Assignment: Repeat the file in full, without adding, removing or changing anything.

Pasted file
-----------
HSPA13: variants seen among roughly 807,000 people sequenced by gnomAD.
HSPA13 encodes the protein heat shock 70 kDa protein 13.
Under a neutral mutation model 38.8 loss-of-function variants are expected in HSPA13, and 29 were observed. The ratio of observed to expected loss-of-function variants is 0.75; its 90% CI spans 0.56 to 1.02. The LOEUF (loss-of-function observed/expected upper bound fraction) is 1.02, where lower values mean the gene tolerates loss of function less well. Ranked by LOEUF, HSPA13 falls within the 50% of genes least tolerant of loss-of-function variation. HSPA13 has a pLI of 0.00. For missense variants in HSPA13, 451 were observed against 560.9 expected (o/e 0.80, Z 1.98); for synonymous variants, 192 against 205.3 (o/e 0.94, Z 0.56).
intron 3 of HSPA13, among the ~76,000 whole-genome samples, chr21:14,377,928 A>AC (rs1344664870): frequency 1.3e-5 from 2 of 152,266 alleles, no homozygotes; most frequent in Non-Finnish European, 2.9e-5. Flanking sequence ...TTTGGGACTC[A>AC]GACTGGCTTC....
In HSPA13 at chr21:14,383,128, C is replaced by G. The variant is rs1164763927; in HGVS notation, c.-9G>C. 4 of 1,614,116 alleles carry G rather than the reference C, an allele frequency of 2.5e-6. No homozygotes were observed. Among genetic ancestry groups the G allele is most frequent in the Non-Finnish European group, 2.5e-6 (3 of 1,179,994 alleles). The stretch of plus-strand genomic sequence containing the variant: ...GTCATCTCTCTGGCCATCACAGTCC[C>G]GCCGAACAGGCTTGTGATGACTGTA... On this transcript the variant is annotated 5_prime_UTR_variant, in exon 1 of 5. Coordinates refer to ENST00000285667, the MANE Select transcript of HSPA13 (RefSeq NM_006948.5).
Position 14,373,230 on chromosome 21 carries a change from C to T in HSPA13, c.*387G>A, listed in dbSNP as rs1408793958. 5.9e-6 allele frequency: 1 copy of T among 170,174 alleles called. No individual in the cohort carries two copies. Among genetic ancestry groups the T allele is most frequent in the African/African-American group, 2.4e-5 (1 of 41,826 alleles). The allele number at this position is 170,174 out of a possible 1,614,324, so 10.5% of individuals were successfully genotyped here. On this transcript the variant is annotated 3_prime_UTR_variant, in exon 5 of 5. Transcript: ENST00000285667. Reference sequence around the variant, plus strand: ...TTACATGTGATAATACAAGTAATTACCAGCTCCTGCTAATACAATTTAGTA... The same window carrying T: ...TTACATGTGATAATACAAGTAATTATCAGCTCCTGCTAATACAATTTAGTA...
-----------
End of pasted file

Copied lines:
HSPA13: variants seen among roughly 807,000 people sequenced by gnomAD.
HSPA13 encodes the protein heat shock 70 kDa protein 13.
Under a neutral mutation model 38.8 loss-of-function variants are expected in HSPA13, and 29 were observed. The ratio of observed to expected loss-of-function variants is 0.75; its 90% CI spans 0.56 to 1.02. The LOEUF (loss-of-function observed/expected upper bound fraction) is 1.02, where lower values mean the gene tolerates loss of function less well. Ranked by LOEUF, HSPA13 falls within the 50% of genes least tolerant of loss-of-function variation. HSPA13 has a pLI of 0.00. For missense variants in HSPA13, 451 were observed against 560.9 expected (o/e 0.80, Z 1.98); for synonymous variants, 192 against 205.3 (o/e 0.94, Z 0.56).
intron 3 of HSPA13, among the ~76,000 whole-genome samples, chr21:14,377,928 A>AC (rs1344664870): frequency 1.3e-5 from 2 of 152,266 alleles, no homozygotes; most frequent in Non-Finnish European, 2.9e-5. Flanking sequence ...TTTGGGACTC[A>AC]GACTGGCTTC....
In HSPA13 at chr21:14,383,128, C is replaced by G. The variant is rs1164763927; in HGVS notation, c.-9G>C. 4 of 1,614,116 alleles carry G rather than the reference C, an allele frequency of 2.5e-6. No homozygotes were observed. Among genetic ancestry groups the G allele is most frequent in the Non-Finnish European group, 2.5e-6 (3 of 1,179,994 alleles). The stretch of plus-strand genomic sequence containing the variant: ...GTCATCTCTCTGGCCATCACAGTCC[C>G]GCCGAACAGGCTTGTGATGACTGTA... On this transcript the variant is annotated 5_prime_UTR_variant, in exon 1 of 5. Coordinates refer to ENST00000285667, the MANE Select transcript of HSPA13 (RefSeq NM_006948.5).
Position 14,373,230 on chromosome 21 carries a change from C to T in HSPA13, c.*387G>A, listed in dbSNP as rs1408793958. 5.9e-6 allele frequency: 1 copy of T among 170,174 alleles called. No individual in the cohort carries two copies. Among genetic ancestry groups the T allele is most frequent in the African/African-American group, 2.4e-5 (1 of 41,826 alleles). The allele number at this position is 170,174 out of a possible 1,614,324, so 10.5% of individuals were successfully genotyped here. On this transcript the variant is annotated 3_prime_UTR_variant, in exon 5 of 5. Transcript: ENST00000285667. Reference sequence around the variant, plus strand: ...TTACATGTGATAATACAAGTAATTACCAGCTCCTGCTAATACAATTTAGTA... The same window carrying T: ...TTACATGTGATAATACAAGTAATTATCAGCTCCTGCTAATACAATTTAGTA...